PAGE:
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Re: Adding Web Intents to the Webapps WG deliverables

From: Ian Hickson <ian@hixie.ch>
Date: Mon, 2 Apr 2012 23:31:13 +0000 (UTC)
To: James Hawkins <jhawkins@google.com>
cc: Paul Kinlan <paulkinlan@google.com>, Rich Tibbett <richt@opera.com>, public-webapps@w3.org
Message-ID: <Pine.LNX.4.64.1204022324110.22654@ps20323.dreamhostps.com>
On Thu, 22 Sep 2011, James Hawkins wrote:
> >
> > But this is a non-problem. In practice, we have plenty of examples of 
> > spaces where conflicts don't happen despite not having used long names 
> > such as URLs. For example:
> >
> >  - rel="" values in HTML
> >  - element names in HTML
> >  - MIME type names
> >  - scheme names
>
> We are following the model set by Android Intents by bootstrapping the 
> feature with a list of actions that we agree will be far-reaching and 
> useful, e.g., share, pick, edit, save.
> 
> The Android Intents system employs java-style namespacing, e.g., 
> android.intent.action.EDIT is the string value of the ACTION_EDIT 
> constant.  The idea is that vendors can add to the intent ecosystem by 
> creating new actions, usually by setting the namespace appropriately, 
> e.g., org.openintents.action.CALCULATOR.
> 
> When designing the format of the Web Intents action string, we got a lot 
> of feedback that the java namespacing is not native to the web and that 
> URLS would be a better namespacing scheme.  This gave us the added 
> benefit that, by setting precedence with the default list actions, 
> action URLs serve both as a namespace mechanism and the page at the URL 
> contains documentation for the particular action.  If a developer wants 
> to find out more about http://webintents.org/share, all she has to do is 
> visit that URL (try it!).
> 
> If, for example, Twitter decided to add a new action, say 'tweet', they 
> could set the action string to http://dev.twitter.com/tweet which would 
> contain the input/output specification for this action.

Using URLs is ugly and unnecessary and makes the API look far more 
complicated than necessary. I understand that Web "experts" are always 
telling everyone to use URLs, but IMHO they are strongly misguided in 
this. I recommend following the pattern actually used on the Web for every 
verb and noun other than those identify Web pages, and using simple 
identifiers. As I mentioned above, it's what we use on the Web for pretty 
much everything -- rel="", element names, MIME types, schemes, HTTP verbs, 
<meta> names, HTTP headers, pretty much everything.


> > > We need to update the spec.  The UA should track the pages that 
> > > declare intent registration and if the user has the intent installed 
> > > and the tag is no longer on the tracked page(s) the UA should remove 
> > > the registration.
> >
> > This would not work well with sites that only show the intent element 
> > to users who are logged in with an account that is fully paid up...
>
> Can you expand on this?  I don't see the problem.  The intent element 
> can be dynamically removed, if needed, and the intent will be 
> unregistered in the UA.  If it happens at invocation point (likely), the 
> service has a chance to ask the user to pay up (?)

If the registration is only removed when you explicitly visit the page,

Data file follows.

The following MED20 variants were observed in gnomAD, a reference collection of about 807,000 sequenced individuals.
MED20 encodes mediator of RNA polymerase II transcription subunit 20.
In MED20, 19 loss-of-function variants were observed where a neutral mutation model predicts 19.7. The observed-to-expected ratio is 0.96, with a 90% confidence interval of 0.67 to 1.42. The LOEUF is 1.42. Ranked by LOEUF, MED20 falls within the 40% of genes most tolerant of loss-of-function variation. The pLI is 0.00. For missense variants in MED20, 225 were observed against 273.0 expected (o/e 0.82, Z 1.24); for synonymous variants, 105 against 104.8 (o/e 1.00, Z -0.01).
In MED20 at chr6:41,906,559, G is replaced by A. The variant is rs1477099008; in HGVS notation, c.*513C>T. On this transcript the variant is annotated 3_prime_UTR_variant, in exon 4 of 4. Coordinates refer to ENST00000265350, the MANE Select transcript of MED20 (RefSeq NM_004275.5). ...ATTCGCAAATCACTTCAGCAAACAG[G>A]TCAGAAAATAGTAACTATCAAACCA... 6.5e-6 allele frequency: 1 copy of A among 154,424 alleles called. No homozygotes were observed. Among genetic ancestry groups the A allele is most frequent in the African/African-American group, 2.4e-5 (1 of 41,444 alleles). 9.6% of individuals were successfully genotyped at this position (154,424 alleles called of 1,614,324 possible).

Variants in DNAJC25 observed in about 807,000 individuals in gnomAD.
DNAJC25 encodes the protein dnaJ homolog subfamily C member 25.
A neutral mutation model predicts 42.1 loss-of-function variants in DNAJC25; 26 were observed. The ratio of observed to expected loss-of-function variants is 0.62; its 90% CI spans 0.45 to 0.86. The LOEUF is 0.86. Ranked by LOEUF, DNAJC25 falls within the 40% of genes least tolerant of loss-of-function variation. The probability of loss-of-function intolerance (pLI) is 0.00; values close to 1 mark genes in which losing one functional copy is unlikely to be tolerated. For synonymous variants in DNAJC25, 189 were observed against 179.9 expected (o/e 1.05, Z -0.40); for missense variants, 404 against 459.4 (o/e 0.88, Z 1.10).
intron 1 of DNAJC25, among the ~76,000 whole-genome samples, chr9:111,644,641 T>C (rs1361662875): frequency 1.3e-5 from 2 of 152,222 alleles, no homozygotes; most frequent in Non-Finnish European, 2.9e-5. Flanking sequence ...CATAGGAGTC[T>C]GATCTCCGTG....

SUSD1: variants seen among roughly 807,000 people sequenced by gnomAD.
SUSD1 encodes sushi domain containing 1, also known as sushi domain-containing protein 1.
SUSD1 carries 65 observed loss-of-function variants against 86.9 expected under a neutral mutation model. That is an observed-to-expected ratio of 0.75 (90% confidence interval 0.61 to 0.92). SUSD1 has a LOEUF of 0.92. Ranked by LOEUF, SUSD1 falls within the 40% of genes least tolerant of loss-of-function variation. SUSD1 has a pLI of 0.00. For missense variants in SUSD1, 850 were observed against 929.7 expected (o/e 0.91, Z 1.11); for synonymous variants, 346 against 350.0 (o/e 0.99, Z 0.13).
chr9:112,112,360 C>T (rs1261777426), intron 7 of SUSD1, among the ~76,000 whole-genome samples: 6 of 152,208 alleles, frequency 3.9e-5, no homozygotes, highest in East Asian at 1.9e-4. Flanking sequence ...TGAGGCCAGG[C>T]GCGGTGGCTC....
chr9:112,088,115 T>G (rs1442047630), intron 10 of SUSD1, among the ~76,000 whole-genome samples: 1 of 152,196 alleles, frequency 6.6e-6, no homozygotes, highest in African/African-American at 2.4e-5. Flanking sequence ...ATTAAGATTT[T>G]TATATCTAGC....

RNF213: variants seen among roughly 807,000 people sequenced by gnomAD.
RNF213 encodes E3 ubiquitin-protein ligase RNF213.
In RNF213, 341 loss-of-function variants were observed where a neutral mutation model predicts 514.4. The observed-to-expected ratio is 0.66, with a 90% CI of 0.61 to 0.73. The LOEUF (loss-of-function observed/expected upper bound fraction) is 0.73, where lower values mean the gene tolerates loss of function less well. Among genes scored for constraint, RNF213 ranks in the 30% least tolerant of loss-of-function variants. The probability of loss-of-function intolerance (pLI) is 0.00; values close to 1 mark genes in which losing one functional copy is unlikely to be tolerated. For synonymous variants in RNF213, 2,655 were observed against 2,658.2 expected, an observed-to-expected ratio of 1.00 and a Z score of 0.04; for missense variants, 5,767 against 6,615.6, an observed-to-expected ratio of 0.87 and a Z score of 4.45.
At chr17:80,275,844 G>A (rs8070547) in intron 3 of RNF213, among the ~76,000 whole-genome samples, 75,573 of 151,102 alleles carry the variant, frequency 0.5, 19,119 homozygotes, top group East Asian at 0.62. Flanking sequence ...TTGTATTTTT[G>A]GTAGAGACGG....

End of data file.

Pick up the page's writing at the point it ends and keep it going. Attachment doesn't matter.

then it doesn't work because you're not going to be visiting the page very 
often, especially if the handler is no longer in existence.

If the registration is removed automatically in the background when the 
page no longer has the declaration, then as soon as I log out of Google, 
all my Google handlers will go away, rather than continuing to work but 
asking me to log in when I use them.


> > > > Here's a possibly simpler proposal:
> > > >
> > > >  - to register:
> > > >
> > > >   navigator.registerIntentHandler(intent, filter, url, kind);
> > > >     intent = string like "share", "play"
> > > >     filter = MIME type (foo/bar) or MIME wildcard (foo/* or */*)
> > > >     url = page to load to handle intent
> > > >     kind = a flag indicating if the page should be:
> > > >       - always opened in a new tab
> > > >       - opened in the intent handler dialog (inline/pop-up)
> > > >       - opened in an existing tab if possible, else a new tab
> > > >
> > > >  - to check if registered, to unregister:
> > > >
> > > >   navigator.isIntentHandlerRegistered(intent, filter, url);
> > > >   navigator.unregisterIntentandler(intent, filter, url);
> > > >
> > > >  - to invoke intent:
> > > >
> > > >   var port = navigator.handleIntent(intent, filter);
> > > >   port.postMessage(data);
> > > >   port.onmessage = function (event) { handle(event.data) };
> > >
> > > We thought about this, we didn't want developers to have to worry 
> > > about when they think they should start to postMessage, or finish 
> > > listening to the onmessage event.
> >
> > What is there to think about? They send one message, they receive one 
> > back. I don't understand why this would be complicated.
>
> When does the port close?

When the window closes. The same problem exists in the model described in 
the spec today, as far as I can tell.


> What happens if I call postMessage() again, after receiving the response 
> from the service?

It posts the message. Why is this a problem?


> We designed the API to be as simple as possible, in this case by being 
> explicit.  Less questions need to be asked, less chances to shoot 
> oneself in the foot.

I think your proposal is more complicated than what I have above, and 
doesn't have any fewer opportunities to shoot oneself in the foot.

-- 
Ian Hickson               U+1047E                )\._.,--....,'``.    fL
http://ln.hixie.ch/       U+263A                /,   _.. \   _\  ;`._ ,.
Things that are impossible just take longer.   `._.-(,_..'--(,_..'`-.;.'
Received on Monday, 2 April 2012 23:31:39 GMT

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